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(Reference retrieved automatically from Web of Science through information on FAPESP grant and its corresponding number as mentioned in the publication by the authors.)

High sensitivity niobium parametric transducer for the Mario Schenberg gravitational wave detector

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Author(s):
de Paula, L. A. N. [1, 2] ; Ferreira, E. C. [3] ; Carvalho, N. C. [4] ; Aguiar, O. D. [3]
Total Authors: 4
Affiliation:
[1] ITA, Dept Phys, Sao Jose Dos Campos - Brazil
[2] Univ Sao Paulo, Dept Mech & Mat Phys, Sao Paulo - Brazil
[3] Natl Inst Space Res INPE, Div Astrophys, Sao Jose Dos Campos - Brazil
[4] Univ Western Australia, Sch Phys, Crawley, WA 6009 - Australia
Total Affiliations: 4
Document type: Journal article
Source: Journal of Instrumentation; v. 10, MAR 2015.
Web of Science Citations: 6
Abstract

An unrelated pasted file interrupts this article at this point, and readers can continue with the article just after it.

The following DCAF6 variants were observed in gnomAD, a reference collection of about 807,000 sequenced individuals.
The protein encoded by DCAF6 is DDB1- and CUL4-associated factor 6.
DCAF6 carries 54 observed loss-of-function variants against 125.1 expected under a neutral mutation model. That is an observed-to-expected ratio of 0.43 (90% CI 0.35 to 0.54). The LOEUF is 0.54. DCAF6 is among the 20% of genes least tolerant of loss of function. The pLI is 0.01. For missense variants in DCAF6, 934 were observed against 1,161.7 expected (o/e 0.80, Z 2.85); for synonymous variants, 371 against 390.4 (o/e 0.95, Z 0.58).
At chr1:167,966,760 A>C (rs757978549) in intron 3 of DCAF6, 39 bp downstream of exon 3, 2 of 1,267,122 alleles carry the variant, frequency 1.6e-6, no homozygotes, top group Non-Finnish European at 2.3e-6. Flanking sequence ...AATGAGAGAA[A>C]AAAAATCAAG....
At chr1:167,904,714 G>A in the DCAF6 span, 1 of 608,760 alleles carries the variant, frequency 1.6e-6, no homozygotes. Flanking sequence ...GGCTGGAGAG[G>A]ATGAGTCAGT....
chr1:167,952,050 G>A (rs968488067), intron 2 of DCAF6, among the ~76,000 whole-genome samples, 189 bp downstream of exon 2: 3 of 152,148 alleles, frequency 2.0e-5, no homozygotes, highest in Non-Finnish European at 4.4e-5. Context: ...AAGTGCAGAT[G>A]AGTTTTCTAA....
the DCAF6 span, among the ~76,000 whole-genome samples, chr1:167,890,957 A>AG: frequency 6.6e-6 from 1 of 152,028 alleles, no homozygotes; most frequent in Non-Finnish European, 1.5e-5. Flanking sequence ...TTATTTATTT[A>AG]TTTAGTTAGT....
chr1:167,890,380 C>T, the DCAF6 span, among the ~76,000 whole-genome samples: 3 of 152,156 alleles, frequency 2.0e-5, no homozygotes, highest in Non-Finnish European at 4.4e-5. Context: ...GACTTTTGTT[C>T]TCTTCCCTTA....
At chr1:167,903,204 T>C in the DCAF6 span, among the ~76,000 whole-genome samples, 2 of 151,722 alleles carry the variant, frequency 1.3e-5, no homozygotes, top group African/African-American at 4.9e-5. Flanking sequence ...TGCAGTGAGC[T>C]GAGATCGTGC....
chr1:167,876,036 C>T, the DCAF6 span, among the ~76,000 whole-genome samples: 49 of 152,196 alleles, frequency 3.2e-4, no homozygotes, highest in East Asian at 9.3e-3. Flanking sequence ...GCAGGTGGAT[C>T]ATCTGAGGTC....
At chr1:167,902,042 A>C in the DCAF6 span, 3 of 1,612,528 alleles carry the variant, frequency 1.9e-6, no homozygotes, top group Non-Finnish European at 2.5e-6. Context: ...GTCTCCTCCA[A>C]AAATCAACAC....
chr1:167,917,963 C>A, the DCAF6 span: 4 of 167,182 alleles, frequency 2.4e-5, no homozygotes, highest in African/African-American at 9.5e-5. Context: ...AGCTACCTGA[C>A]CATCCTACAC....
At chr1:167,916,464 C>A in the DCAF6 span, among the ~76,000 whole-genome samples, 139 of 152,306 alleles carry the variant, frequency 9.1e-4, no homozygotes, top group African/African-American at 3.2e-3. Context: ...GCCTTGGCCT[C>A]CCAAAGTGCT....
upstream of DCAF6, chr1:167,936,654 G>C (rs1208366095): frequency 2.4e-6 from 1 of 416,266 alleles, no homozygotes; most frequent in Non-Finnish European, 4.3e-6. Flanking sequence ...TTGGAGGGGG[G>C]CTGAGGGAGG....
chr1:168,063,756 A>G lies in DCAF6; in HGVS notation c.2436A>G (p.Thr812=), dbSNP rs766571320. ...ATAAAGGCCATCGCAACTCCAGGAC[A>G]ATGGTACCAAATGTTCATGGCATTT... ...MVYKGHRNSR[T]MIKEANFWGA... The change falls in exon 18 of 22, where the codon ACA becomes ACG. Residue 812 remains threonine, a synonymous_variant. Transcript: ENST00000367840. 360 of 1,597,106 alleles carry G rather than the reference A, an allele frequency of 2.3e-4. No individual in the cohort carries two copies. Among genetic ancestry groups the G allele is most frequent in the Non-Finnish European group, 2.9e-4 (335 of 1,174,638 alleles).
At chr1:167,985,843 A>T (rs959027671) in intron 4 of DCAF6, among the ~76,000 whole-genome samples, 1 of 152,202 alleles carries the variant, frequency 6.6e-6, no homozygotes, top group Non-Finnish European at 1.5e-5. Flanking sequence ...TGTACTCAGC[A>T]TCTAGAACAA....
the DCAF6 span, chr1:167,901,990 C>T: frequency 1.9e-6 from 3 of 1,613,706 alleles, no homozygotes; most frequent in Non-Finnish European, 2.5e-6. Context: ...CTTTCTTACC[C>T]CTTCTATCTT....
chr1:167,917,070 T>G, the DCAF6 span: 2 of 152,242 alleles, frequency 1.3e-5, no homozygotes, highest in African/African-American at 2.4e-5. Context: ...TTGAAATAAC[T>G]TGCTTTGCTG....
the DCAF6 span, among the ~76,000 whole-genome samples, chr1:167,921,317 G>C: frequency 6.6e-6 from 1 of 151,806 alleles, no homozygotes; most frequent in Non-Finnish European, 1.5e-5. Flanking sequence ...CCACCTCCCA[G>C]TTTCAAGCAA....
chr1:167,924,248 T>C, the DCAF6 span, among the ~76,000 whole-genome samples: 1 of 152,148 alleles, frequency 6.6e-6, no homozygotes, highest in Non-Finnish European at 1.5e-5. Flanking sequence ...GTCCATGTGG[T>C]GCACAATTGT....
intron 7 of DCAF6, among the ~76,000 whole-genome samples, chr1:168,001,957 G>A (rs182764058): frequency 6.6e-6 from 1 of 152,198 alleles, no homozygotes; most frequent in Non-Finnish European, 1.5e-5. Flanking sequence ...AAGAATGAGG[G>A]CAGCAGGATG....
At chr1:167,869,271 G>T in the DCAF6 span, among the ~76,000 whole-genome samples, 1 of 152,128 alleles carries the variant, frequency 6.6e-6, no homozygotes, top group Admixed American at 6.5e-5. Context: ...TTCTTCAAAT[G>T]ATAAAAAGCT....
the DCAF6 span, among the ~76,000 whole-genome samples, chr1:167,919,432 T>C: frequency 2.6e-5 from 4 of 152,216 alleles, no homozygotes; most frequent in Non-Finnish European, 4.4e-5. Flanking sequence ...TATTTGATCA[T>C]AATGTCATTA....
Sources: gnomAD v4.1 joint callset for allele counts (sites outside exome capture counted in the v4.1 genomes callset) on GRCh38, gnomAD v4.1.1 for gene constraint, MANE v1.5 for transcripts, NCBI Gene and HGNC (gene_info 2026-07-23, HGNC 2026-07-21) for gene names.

Parametric transducers can work below the quantum limit of sensitivity for resonant mass gravitational wave detectors. This makes them a promising alternative for electromechanical transductance for such detectors. These transducers consist of a reentrant superconducting niobium cavity coupled to a mass-spring system with three mechanical modes. These cavities have a central post responsible for creating a narrow axial gap between its top and the cavity wall, which is a resonant membrane. Their displacement sensitivity (df/dx) increases as the gap spacing decreases. However, this is not a linear relationship and the dimensioning of the cavity becomes critical if the gap is of the order of a few microns. In this paper, we describe how to obtain a gap spacing of similar to 3 mu m and also the development of parametric transducers that will be employed in the coming experimental runs of the Schenberg gravitational wave antenna. Mechanical thinning methods were performed followed by mechanical and electrical frequency measurements to tune the device to operate at the required frequencies. The main results present better frequency stability and an improvement of df/dx by one order of magnitude higher than the preceding models. These results will allow us to reach the quantum limit of detector sensitivity of similar to 10(-22) Hz(-1/2) in the near future, making it possible to search for gravitational waves around 3.2 kHz. (AU)